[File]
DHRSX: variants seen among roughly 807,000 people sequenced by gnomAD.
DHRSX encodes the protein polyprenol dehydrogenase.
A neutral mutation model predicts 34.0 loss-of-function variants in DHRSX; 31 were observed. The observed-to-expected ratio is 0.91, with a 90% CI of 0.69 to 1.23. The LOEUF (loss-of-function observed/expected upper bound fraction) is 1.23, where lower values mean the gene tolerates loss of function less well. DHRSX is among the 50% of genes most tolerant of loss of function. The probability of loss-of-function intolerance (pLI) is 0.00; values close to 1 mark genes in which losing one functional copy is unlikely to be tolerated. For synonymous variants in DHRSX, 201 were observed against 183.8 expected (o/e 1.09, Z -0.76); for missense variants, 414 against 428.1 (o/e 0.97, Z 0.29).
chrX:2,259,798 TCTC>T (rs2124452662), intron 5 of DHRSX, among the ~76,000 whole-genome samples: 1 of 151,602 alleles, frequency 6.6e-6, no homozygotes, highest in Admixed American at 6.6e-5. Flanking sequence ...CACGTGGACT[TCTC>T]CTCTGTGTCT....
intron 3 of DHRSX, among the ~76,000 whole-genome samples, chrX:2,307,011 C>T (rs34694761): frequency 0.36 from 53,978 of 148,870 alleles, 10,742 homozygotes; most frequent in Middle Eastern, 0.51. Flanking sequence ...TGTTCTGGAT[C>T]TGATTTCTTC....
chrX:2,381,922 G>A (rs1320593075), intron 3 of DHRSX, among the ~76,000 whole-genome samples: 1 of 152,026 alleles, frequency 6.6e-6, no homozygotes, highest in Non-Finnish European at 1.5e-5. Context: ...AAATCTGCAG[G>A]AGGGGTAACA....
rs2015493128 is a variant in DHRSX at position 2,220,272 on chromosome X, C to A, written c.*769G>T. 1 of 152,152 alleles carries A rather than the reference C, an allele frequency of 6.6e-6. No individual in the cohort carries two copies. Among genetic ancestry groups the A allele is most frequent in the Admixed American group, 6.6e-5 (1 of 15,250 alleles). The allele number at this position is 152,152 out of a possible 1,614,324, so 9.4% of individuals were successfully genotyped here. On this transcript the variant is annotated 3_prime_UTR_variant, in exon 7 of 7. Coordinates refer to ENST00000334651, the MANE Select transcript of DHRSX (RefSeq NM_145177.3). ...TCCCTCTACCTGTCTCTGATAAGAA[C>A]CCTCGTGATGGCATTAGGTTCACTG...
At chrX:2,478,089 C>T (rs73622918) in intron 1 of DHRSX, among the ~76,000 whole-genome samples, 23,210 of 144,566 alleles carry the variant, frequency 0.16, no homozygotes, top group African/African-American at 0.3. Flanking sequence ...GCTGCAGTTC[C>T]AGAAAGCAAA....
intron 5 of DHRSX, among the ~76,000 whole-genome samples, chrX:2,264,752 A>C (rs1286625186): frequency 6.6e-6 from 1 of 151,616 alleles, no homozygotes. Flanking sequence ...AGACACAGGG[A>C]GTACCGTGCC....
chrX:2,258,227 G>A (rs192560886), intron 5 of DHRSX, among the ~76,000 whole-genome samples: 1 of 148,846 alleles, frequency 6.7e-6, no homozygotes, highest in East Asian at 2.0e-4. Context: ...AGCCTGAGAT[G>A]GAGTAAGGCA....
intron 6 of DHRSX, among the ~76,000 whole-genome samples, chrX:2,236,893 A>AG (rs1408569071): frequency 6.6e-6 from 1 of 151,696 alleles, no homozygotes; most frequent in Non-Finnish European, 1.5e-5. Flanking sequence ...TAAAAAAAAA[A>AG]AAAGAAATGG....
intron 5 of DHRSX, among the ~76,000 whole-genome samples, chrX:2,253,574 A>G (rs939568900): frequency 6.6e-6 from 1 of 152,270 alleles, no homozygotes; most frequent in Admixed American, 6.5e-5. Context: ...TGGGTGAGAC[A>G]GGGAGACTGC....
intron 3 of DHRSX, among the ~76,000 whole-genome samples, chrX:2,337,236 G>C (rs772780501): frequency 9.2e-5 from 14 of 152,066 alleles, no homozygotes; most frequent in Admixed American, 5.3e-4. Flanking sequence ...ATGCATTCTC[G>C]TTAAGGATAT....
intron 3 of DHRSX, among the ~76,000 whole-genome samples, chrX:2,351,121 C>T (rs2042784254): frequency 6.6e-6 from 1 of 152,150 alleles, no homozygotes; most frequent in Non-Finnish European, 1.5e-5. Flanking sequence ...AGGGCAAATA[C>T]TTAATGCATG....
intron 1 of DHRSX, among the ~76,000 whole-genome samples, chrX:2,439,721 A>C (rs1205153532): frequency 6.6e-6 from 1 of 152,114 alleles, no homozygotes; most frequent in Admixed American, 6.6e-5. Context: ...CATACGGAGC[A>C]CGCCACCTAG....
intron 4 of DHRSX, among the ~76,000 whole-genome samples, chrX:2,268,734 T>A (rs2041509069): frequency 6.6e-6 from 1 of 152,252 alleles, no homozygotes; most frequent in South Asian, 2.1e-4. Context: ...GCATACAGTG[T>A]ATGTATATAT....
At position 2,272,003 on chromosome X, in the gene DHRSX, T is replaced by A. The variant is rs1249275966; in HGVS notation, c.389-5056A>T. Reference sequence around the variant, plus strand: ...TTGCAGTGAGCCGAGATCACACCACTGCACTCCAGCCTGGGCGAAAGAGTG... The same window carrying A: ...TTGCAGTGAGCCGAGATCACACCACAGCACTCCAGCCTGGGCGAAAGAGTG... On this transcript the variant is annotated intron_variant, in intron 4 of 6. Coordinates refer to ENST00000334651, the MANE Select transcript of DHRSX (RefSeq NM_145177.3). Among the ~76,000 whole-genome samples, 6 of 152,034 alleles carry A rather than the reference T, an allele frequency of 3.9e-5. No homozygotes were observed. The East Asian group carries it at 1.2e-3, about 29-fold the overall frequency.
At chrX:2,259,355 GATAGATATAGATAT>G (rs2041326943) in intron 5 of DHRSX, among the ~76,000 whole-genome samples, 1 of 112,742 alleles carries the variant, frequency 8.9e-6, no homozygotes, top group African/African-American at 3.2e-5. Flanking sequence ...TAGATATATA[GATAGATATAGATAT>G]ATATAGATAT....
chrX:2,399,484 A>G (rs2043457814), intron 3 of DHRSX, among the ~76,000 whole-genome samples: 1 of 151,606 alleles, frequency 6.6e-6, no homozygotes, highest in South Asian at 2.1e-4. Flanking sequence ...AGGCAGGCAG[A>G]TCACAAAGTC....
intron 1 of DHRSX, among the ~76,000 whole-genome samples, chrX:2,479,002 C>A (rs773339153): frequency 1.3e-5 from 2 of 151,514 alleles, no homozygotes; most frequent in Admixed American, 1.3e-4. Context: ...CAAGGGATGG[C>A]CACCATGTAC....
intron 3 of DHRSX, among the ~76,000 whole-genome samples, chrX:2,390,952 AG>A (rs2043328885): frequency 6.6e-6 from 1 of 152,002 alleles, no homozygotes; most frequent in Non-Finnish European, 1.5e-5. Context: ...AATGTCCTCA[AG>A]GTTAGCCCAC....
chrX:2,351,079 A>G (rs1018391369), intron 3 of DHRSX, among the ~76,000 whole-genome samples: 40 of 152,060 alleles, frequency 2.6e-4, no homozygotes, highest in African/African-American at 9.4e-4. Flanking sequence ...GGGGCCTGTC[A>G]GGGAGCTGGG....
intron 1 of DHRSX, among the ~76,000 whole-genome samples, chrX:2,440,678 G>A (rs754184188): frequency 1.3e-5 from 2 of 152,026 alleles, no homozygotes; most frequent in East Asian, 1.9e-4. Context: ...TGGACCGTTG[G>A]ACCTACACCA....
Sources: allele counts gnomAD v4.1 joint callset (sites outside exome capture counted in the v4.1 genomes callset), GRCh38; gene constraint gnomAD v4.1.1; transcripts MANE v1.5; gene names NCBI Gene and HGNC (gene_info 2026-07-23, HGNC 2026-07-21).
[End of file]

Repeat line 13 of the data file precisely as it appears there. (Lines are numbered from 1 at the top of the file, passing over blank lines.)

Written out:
intron 3 of DHRSX, among the ~76,000 whole-genome samples, chrX:2,337,236 G>C (rs772780501): frequency 9.2e-5 from 14 of 152,066 alleles, no homozygotes; most frequent in Admixed American, 5.3e-4. Flanking sequence ...ATGCATTCTC[G>C]TTAAGGATAT....